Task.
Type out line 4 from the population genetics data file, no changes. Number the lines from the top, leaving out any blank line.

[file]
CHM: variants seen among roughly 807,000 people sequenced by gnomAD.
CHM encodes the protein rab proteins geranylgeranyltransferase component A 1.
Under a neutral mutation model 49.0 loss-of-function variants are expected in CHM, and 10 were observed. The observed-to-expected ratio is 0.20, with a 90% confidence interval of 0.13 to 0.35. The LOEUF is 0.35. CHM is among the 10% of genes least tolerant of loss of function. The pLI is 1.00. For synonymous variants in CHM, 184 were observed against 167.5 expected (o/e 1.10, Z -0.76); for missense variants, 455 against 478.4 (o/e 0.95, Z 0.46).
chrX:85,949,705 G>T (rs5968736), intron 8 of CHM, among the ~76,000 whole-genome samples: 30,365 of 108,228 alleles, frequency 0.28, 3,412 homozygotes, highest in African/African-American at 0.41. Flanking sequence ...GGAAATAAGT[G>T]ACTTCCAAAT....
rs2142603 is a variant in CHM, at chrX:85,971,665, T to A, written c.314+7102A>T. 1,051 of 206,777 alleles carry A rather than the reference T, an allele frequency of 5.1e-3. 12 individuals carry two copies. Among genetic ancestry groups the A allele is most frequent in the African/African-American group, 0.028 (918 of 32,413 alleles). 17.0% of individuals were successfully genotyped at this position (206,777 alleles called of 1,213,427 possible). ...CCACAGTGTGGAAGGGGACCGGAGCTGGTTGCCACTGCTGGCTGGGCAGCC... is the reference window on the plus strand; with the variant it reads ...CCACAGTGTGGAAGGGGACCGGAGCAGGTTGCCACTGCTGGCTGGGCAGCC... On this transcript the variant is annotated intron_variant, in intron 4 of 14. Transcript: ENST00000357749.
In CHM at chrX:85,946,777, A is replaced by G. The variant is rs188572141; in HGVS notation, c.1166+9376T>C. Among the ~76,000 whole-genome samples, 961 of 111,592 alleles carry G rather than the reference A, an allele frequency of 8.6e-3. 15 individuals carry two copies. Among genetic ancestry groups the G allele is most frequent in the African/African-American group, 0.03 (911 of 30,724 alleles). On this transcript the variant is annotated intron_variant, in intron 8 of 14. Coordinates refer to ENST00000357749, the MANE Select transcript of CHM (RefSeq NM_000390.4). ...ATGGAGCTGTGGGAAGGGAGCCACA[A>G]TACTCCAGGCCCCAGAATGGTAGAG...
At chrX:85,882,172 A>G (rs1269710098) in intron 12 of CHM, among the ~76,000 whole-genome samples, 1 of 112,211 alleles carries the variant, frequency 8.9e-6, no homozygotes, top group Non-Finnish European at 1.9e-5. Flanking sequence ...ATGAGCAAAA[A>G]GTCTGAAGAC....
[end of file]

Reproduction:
chrX:85,949,705 G>T (rs5968736), intron 8 of CHM, among the ~76,000 whole-genome samples: 30,365 of 108,228 alleles, frequency 0.28, 3,412 homozygotes, highest in African/African-American at 0.41. Flanking sequence ...GGAAATAAGT[G>T]ACTTCCAAAT....